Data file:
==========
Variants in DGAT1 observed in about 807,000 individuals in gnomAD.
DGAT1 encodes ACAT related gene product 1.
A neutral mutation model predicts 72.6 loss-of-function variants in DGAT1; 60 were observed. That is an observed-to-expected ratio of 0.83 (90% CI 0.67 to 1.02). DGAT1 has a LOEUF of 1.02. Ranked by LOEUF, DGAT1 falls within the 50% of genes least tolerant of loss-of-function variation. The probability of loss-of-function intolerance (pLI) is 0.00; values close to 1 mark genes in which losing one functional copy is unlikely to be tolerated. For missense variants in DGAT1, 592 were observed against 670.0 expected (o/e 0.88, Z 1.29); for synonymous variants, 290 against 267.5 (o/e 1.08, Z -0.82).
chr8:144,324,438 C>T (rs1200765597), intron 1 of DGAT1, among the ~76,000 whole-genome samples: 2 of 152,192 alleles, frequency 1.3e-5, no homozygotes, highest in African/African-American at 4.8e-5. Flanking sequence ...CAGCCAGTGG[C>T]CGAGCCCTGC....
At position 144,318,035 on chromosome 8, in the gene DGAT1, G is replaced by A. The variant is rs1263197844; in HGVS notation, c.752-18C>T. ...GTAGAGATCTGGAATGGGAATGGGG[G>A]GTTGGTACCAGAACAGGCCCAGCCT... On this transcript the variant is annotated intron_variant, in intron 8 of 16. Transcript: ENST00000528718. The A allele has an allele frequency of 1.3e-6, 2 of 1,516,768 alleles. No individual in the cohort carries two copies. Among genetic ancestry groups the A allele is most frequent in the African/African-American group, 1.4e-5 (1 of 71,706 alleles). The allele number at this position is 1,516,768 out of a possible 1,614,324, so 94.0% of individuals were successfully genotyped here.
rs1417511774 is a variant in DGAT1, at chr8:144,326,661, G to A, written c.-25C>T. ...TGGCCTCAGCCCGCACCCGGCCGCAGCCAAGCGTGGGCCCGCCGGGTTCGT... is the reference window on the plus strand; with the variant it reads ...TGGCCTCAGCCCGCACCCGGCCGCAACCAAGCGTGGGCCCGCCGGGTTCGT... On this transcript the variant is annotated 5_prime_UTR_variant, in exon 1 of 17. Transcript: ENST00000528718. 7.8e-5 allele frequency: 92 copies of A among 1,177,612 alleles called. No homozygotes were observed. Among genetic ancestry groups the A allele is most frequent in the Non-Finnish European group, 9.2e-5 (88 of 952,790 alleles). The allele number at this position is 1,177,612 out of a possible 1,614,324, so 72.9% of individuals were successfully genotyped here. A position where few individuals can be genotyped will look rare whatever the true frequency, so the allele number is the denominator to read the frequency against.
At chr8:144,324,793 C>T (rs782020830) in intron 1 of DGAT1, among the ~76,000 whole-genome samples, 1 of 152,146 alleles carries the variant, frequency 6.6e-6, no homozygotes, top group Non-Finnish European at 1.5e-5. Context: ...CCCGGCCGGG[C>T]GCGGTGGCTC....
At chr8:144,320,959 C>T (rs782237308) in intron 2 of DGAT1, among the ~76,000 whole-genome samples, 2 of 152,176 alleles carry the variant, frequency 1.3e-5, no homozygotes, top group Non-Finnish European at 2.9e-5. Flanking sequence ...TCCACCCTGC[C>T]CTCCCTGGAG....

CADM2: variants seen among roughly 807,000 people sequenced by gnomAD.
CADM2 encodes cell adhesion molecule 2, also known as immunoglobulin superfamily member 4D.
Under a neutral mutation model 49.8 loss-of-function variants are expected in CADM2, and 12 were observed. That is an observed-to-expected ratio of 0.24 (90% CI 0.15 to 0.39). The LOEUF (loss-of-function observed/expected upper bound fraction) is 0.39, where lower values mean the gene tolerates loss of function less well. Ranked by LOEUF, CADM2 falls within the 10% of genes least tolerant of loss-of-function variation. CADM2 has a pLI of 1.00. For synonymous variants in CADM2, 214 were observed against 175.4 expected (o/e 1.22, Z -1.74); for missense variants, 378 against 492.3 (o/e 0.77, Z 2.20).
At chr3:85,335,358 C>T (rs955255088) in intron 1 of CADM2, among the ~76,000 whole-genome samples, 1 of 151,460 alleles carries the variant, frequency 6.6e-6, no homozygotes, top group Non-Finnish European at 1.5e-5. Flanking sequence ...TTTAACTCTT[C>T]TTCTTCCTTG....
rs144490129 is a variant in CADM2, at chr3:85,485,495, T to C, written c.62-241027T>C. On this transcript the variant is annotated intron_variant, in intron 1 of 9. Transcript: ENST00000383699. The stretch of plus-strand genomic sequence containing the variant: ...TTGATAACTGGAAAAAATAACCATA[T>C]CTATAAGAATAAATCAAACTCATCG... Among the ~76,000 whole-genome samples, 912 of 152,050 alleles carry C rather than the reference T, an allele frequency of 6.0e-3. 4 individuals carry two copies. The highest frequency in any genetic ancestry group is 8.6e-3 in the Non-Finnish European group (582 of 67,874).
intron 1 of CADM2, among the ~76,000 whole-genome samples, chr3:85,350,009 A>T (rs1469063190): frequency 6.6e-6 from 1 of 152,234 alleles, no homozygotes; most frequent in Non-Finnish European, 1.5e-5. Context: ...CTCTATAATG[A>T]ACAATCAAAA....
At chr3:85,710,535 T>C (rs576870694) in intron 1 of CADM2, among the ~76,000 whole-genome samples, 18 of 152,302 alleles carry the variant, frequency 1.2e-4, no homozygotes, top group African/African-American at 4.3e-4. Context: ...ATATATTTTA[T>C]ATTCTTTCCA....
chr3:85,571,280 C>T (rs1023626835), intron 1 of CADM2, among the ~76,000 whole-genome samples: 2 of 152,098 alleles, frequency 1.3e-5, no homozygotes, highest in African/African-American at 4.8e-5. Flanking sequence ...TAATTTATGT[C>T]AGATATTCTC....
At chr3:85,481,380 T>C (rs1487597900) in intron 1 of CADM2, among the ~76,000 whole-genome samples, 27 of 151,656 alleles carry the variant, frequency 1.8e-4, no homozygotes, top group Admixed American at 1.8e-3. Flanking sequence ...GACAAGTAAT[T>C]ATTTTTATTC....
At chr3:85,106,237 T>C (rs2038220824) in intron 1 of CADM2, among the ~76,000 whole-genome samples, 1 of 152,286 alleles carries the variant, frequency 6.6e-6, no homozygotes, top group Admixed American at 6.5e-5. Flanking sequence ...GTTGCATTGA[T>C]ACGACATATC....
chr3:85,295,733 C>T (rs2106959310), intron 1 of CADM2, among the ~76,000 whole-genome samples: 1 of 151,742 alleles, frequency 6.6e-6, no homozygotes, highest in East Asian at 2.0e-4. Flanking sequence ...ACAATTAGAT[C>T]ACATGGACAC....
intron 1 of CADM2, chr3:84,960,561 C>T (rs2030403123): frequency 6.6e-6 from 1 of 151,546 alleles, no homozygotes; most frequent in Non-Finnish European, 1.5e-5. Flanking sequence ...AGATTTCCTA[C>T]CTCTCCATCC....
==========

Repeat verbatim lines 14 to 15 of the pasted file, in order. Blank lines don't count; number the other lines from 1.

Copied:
intron 1 of CADM2, among the ~76,000 whole-genome samples, chr3:85,350,009 A>T (rs1469063190): frequency 6.6e-6 from 1 of 152,234 alleles, no homozygotes; most frequent in Non-Finnish European, 1.5e-5. Context: ...CTCTATAATG[A>T]ACAATCAAAA....
At chr3:85,710,535 T>C (rs576870694) in intron 1 of CADM2, among the ~76,000 whole-genome samples, 18 of 152,302 alleles carry the variant, frequency 1.2e-4, no homozygotes, top group African/African-American at 4.3e-4. Context: ...ATATATTTTA[T>C]ATTCTTTCCA....